Remarks at a White House Ceremony Launching the Summer Jobs for Youth Program

May 20, 1985

Secretary Brock and distinguished guests, ladies and gentlemen, good morning, and welcome to the White House.

I know one young person that isn't lacking for a summer job. As a matter of fact, she has a permanent job daily on her radio station. Kelly is a sports announcer.

These past couple of months, as the trees have begun to leaf out and the flowers to blossom, spring has come to America -- an America that is in good economic health. For more than 2 years our economy has been growing steadily. And this morning at 8:30 a.m. the Commerce Department released some additional figures that indicate that very definitely.

Our basic industries have achieved new productivity while technological breakthroughs involving the computer and the microchip have produced entirely new fields of services and goods. And nearly 8 million jobs have been created and more than 200,000 last month alone.

As summer follows spring, inflation will remain low and our economy will continue to grow, creating still more jobs. Yet even in these good economic times, thousands of young Americans, as Bill has told you, have trouble finding summer jobs. Many live in parts of our inner cities where there are few employers. Some are black or Hispanic and suffer from higher rates of unemployment than other young Americans.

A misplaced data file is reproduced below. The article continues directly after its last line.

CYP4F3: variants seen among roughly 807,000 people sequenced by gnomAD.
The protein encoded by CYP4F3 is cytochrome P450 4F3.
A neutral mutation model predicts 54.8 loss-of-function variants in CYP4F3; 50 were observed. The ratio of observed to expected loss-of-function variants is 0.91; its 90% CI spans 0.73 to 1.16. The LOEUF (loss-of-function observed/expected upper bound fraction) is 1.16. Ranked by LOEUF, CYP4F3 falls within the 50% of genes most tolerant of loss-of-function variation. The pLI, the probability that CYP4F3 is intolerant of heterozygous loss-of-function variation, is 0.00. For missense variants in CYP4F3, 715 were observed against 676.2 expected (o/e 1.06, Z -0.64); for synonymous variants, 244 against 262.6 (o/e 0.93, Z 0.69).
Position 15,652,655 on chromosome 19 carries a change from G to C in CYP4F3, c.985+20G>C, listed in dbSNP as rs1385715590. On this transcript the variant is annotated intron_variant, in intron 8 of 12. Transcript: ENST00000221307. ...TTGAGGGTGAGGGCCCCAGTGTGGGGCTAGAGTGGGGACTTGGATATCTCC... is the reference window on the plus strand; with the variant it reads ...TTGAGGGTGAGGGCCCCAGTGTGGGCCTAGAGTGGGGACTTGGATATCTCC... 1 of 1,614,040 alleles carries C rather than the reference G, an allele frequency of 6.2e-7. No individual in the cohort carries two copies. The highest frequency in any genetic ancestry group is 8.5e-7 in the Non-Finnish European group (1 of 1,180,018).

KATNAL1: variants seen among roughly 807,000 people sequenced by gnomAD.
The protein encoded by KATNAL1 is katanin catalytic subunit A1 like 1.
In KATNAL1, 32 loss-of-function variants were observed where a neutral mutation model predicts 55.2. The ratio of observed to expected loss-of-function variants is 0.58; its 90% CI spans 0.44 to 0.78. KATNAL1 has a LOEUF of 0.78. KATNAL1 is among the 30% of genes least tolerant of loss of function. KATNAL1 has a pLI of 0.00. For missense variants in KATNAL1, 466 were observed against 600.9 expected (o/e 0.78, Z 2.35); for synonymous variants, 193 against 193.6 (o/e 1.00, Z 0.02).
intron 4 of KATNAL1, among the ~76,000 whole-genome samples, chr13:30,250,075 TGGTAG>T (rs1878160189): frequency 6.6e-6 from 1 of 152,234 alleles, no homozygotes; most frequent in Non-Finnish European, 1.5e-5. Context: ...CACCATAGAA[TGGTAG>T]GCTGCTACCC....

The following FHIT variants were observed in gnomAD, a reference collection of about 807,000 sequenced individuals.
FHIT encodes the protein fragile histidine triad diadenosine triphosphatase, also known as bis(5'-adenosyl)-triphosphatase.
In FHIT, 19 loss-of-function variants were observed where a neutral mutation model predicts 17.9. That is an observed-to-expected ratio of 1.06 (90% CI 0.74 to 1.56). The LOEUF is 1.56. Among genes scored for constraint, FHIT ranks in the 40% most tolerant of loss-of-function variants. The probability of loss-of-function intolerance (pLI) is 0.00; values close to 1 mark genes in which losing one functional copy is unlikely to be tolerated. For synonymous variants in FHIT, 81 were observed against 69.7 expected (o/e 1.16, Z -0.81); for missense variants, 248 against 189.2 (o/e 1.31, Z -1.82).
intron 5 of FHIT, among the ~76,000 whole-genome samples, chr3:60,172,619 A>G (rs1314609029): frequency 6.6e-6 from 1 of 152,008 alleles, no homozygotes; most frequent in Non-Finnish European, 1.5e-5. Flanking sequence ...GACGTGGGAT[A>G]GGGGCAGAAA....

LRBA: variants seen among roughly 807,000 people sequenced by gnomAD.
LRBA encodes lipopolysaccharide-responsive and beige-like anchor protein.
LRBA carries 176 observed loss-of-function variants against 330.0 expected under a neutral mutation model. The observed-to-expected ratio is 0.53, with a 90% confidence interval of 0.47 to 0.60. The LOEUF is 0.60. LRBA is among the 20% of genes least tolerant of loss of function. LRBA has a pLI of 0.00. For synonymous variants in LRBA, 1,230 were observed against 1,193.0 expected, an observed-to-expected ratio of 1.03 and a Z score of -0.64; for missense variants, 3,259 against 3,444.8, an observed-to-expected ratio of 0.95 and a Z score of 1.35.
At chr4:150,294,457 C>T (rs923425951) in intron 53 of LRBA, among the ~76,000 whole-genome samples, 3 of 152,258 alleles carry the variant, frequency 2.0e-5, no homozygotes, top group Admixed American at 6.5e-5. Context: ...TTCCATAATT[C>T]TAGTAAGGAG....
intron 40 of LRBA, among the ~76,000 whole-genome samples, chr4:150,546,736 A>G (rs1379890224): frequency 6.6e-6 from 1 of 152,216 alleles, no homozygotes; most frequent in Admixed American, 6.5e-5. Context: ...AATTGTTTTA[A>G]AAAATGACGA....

Ironically, the very young people who will find it hardest to get work will be the ones who need jobs the most. To them, a summer job means a chance to escape poverty and disadvantage, a chance to get the work experience that would enable them to climb the economic ladder.

I think many of us here remember summer jobs. I remember they taught me a great deal about the satisfactions of good, honest work. I was 14 when I got my first summer job. Before that summer was over, I was laying hardwood floor; I was shingling roof, painting, and using a pick and shovel to dig for foundation in house construction. I have to confess that pick and shovel work got a little heavy at times.

One day I was hard at it, swinging a pick, and I had that pick right up over my shoulder for another blow when the noon whistle blew. And I just said, ``That's it.'' And I didn't complete the swing, I just dropped the pick behind me and stepped out from under it. And then I heard a rather profane and angry voice behind me -- [laughter] -- and I turned around, and there stood the boss with the pick imbedded in the ground right between his feet. [Laughter] So, ever since that, I've kept in mind a simple lesson: If you start swinging, finish. [Laughter]

But I can't help thinking that those summer jobs might have been impossible for me to get if certain laws in place today had been in effect back then. And maybe in our effort to do good, maybe we haven't been as successful as we thought we were when we passed some of those laws.